Um…thoughts, northern border friends?
Submitted by Sunny Smith
TVDVD, just this side of Drama.
Submitted by Beth via Facebook
You know that if the patron put them away, they’d somehow all end up on the wrong shelves.
THEN COMPLAINS THAT THE INTERNET MUST BE BROKEN
Submitted by Anne via Facebook
The ones who try to search the internet by typing into our homepage’s search box are fun, too.
Public pressure works!
The link above links to a page where we can SPECIFICALLY protest against it by commenting on it on the upper right green box labeled “Submit a Formal Comment”.
You do not need to register, just fill the information and comment, as if you were commenting on a blog.
For “organization” simply put “no organization, just myself.”
and for the “Category” I selected “Food Association D-0017”.
While I personally talked about aspartame doesn’t need to be added into milk at all, you guys are free to talk about that and/or the fact that it would be going unlisted in ingredients if you feel it is okay to add aspartame.
I snopesed this, its legit. I’m scared.
Aspartame is already added to flavored milk, and yes, this only refers to flavored milk (and a bunch of other not-just-plain-milk dairy products like sour cream), because no-one uses it in regular milk. Aspartame would not be removed from the ingredients lists, either. The only thing that would happen is that flavored milk would stop being required to say things like “reduced calorie” on the front of the package … but none of these front labels mention aspartame by name currently anyway.
I don’t like aspartame because I happen to be one of the people who can taste the difference from sugar and don’t like it. But ignoring the fact that I don’t drink flavored milk in the first place, I also know how to read an ingredients list, which is the only place aspartame is mentioned by name currently, and it’s not going to be removed from there. Therefore, I’m not worried about this.
The Edwin Mellen Press has dropped one of two lawsuits against librarian Dale Askey, the press announced in a release dated March 1, according to the Canadian Broadcasting Company.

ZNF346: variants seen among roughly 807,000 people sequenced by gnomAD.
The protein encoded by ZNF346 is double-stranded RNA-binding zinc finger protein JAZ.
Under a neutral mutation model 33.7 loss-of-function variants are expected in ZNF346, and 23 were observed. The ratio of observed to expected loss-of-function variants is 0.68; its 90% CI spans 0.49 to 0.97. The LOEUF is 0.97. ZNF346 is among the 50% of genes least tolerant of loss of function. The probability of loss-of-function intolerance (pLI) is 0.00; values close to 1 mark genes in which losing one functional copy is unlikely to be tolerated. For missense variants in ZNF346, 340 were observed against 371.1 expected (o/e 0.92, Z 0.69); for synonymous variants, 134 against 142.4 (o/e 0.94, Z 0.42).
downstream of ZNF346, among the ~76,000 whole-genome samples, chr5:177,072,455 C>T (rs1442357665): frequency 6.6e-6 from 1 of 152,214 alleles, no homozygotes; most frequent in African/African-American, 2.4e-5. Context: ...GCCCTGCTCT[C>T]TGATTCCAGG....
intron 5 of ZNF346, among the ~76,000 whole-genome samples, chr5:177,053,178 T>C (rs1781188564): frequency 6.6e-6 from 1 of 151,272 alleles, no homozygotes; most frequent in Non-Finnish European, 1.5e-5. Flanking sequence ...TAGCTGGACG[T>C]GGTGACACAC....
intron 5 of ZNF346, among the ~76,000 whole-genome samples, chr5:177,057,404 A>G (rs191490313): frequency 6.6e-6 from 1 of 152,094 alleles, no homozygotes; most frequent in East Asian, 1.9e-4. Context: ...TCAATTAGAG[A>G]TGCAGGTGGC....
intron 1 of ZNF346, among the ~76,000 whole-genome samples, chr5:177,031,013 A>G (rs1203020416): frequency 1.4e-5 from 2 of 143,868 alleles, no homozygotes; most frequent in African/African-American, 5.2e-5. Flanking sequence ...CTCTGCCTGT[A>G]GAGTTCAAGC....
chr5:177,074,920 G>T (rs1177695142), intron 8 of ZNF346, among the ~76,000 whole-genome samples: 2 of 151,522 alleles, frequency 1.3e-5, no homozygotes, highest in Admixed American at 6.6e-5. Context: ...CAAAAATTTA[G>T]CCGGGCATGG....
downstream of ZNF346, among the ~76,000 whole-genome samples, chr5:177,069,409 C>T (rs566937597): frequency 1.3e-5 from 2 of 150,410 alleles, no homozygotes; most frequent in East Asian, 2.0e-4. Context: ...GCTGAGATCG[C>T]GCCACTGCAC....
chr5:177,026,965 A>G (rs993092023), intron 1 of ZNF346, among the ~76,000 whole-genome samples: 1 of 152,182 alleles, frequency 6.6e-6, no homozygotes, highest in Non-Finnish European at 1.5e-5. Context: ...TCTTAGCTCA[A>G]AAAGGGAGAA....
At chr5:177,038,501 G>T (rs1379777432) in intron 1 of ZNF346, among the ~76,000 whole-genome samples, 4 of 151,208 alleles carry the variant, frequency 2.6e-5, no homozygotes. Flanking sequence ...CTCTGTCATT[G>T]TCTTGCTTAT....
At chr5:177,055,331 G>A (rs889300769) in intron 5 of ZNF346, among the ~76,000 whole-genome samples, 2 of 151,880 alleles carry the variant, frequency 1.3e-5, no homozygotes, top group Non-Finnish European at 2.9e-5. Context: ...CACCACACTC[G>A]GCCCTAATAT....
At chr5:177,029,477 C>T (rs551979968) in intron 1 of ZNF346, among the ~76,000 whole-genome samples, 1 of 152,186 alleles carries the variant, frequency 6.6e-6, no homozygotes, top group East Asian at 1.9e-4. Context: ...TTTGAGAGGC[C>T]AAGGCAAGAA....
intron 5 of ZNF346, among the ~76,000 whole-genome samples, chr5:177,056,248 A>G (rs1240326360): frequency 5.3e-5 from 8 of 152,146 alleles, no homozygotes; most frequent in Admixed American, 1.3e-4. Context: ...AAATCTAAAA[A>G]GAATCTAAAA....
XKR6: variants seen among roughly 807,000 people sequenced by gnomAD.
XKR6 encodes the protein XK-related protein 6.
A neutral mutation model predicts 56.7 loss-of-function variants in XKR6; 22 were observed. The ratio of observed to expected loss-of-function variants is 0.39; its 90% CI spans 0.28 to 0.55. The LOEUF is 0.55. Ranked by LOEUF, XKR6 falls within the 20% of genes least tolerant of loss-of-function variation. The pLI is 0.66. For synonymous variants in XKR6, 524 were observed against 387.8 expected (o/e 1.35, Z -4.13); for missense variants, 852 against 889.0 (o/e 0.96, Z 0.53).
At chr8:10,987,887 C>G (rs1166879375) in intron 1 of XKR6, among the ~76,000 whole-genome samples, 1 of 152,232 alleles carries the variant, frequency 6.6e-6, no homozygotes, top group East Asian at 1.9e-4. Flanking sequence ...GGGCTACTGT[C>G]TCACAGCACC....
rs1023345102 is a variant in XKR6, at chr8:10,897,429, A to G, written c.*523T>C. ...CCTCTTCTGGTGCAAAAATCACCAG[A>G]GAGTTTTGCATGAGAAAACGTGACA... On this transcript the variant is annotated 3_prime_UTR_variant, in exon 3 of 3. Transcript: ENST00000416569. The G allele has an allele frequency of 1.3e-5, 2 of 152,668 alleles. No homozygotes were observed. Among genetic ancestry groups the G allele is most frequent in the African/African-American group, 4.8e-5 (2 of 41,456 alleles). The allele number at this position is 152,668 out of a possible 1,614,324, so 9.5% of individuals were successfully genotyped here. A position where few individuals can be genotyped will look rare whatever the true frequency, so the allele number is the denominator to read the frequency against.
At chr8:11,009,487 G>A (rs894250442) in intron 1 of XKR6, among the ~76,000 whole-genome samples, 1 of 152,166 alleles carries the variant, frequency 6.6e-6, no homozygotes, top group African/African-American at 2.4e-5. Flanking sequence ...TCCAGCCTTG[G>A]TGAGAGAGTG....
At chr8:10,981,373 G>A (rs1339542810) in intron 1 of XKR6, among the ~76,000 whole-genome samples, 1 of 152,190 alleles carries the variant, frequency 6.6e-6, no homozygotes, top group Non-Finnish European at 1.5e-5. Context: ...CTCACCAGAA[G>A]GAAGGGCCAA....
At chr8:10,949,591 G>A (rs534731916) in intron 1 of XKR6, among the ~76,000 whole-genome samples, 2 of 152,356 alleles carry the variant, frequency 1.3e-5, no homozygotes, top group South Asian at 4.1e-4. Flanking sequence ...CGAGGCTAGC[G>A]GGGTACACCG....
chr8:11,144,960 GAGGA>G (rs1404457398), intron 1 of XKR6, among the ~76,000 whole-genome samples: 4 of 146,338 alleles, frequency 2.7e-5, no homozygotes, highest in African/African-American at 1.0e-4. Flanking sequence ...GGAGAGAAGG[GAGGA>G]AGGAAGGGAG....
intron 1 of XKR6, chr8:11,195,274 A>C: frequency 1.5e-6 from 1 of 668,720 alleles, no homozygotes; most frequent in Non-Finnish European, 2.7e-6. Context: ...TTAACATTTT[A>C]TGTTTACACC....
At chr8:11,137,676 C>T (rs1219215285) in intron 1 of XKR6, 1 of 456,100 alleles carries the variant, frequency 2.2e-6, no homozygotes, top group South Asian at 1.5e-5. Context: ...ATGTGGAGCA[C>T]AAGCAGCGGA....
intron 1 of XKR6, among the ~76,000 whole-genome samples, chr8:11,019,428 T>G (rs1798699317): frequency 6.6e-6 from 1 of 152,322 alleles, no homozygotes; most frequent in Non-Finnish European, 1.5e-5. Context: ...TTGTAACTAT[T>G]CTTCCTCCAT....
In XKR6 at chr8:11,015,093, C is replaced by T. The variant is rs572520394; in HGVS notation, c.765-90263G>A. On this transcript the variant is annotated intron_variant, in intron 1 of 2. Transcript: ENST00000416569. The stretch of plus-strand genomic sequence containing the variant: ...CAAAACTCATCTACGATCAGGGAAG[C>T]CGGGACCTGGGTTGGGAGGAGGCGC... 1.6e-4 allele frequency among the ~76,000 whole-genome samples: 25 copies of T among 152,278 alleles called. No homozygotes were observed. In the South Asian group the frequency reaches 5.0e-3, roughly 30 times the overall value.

The move came after McMaster University, named as a co-defendant in one of the two suits, reportedly “made arrangements to ensure Associate University Librarian Dale Askey can cover his anticipated legal costs.”
“The Association [of Canadian University Presses] and others have pursued a social media campaign complaining about legal action taken by EMP… The financial pressure of the social media campaign and pressure on authors is severe. EMP is a small company. Therefore must choose to focus its resources on its business and serving its authors,” the Press said in its statement.
» via Library Journal
The primary rule for most public librarians is “Don’t get blood on the carpet.”
[originally submitted by Drusilla]
A United Kingdom judge ruled Thursday that Virgin Media, BSkyB, BT, and other British telcos must block access to BitTorrent sites Fenopy, Kickass Torrents, and H33T.com.
In a written decision, Judge Richard Arnold said that these sites enable copyright infringement “on an industrial scale.” Last year, another British court ruled that The Pirate Bay must be blocked because it allows for significant copyright infringement.
However, a recent study from a UK-based music industry analysis firm confirms what we’ve long-suspected: its data shows that blocking sites that enable unauthorized downloads does little to impact actual piracy.
» via ars technica
Smart money has known this for a long time. Smart money is not running the music and movie industries.